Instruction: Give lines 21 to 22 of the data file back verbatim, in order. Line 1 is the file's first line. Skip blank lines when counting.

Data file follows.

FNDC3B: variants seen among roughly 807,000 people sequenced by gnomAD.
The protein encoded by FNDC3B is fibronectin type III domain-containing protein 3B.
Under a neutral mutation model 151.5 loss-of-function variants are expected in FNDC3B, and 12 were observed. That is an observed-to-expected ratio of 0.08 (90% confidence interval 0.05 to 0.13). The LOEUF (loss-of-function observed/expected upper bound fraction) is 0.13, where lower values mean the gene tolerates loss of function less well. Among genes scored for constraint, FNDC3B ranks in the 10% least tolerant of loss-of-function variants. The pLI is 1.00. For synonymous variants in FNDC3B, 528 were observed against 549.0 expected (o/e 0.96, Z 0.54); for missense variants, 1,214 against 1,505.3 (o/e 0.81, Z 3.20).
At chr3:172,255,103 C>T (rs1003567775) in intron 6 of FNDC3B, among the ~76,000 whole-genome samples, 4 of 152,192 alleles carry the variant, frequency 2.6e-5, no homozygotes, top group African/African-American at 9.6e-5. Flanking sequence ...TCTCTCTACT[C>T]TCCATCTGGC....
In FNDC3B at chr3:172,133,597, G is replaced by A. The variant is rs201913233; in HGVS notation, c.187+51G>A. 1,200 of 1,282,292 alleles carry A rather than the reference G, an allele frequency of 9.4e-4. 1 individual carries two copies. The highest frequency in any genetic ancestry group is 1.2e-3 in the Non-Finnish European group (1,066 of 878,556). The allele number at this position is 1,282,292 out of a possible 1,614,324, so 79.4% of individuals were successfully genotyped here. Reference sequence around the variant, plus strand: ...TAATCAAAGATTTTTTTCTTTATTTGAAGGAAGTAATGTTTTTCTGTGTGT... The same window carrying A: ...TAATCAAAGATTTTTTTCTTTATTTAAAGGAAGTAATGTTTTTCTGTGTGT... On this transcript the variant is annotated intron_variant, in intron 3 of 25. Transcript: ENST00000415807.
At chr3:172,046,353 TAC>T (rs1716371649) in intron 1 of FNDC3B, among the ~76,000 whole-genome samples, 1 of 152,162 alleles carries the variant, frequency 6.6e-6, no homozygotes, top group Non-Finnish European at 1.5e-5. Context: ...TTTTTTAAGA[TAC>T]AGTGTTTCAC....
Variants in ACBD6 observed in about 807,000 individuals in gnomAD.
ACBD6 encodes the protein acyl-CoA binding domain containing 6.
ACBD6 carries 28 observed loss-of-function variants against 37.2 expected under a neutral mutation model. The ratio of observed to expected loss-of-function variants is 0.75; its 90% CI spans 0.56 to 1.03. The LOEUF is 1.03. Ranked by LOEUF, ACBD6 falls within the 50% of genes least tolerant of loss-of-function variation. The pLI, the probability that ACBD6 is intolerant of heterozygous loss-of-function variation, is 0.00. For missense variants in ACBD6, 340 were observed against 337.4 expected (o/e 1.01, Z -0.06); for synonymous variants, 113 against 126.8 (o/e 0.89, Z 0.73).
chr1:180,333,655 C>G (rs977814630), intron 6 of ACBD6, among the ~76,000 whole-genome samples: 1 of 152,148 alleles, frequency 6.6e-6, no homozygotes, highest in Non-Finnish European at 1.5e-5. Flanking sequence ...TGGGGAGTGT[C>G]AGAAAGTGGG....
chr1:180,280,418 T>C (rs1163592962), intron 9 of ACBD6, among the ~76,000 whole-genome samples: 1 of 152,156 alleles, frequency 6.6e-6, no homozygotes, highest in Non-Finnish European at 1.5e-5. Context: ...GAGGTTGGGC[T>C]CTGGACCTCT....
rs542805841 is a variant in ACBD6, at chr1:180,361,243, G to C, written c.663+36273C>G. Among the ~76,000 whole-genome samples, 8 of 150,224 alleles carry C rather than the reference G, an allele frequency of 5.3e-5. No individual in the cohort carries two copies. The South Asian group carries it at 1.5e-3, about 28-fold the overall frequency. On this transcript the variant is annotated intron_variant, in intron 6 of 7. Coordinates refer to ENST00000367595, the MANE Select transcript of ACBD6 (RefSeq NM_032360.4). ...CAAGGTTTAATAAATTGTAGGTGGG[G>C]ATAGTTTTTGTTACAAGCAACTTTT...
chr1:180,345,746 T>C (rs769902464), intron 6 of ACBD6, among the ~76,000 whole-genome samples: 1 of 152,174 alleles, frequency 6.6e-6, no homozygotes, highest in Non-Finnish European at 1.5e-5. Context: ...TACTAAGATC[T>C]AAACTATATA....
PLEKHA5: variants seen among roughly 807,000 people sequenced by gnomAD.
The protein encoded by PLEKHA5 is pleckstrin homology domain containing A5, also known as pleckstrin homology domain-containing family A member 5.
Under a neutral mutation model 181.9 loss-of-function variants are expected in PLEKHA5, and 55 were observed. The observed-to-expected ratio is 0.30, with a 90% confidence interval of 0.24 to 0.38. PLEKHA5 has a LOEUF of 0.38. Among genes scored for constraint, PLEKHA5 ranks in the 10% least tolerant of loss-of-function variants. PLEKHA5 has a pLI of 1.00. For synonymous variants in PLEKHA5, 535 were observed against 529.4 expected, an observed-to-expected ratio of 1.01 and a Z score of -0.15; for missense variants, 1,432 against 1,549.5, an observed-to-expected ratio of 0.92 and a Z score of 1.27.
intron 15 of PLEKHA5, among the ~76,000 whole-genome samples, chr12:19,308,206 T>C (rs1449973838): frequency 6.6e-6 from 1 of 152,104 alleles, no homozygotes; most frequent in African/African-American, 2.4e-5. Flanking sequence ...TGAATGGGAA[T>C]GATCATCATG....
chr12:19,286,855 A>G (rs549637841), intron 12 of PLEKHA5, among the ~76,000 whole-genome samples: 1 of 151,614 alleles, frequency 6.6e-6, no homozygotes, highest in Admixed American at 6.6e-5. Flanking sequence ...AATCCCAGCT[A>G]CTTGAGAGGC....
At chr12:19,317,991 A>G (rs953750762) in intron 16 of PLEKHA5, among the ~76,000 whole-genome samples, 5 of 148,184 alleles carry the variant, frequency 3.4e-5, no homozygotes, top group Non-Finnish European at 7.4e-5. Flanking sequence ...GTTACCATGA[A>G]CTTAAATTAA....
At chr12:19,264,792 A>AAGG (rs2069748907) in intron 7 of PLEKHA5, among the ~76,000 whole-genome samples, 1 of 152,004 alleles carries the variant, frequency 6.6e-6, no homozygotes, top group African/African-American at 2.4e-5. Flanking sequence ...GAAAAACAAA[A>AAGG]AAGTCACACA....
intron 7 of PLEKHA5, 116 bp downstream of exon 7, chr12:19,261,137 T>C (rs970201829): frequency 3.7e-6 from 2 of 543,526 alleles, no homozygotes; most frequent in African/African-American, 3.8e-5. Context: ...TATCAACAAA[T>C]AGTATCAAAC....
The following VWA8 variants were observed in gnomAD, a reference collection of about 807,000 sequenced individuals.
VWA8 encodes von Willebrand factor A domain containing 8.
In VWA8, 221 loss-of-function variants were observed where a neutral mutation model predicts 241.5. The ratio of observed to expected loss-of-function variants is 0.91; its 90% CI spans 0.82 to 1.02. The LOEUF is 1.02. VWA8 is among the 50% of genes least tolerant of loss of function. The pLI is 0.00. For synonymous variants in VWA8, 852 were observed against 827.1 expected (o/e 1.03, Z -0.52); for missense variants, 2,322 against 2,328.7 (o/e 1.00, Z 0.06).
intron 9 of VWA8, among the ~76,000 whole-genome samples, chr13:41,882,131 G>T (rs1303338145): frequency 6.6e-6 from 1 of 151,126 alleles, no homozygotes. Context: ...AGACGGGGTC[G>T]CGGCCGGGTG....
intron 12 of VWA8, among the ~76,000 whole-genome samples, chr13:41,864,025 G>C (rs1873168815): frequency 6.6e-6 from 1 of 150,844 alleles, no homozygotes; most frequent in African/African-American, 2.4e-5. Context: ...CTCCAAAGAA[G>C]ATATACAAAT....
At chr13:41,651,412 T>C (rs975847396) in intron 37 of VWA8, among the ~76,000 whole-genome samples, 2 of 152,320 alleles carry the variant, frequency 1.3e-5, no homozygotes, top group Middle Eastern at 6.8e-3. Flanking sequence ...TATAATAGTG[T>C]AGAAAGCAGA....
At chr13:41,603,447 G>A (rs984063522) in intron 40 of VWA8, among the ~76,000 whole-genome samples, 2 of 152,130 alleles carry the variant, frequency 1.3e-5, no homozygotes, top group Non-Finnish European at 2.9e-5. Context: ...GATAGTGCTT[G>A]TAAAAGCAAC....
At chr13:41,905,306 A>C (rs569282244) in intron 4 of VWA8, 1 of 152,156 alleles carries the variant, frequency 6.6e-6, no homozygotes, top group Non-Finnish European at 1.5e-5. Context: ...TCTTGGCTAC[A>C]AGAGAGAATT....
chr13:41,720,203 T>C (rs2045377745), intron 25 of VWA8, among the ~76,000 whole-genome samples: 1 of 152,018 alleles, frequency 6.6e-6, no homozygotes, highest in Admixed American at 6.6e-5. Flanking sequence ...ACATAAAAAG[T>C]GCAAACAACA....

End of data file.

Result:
intron 7 of PLEKHA5, 116 bp downstream of exon 7, chr12:19,261,137 T>C (rs970201829): frequency 3.7e-6 from 2 of 543,526 alleles, no homozygotes; most frequent in African/African-American, 3.8e-5. Context: ...TATCAACAAA[T>C]AGTATCAAAC....
The following VWA8 variants were observed in gnomAD, a reference collection of about 807,000 sequenced individuals.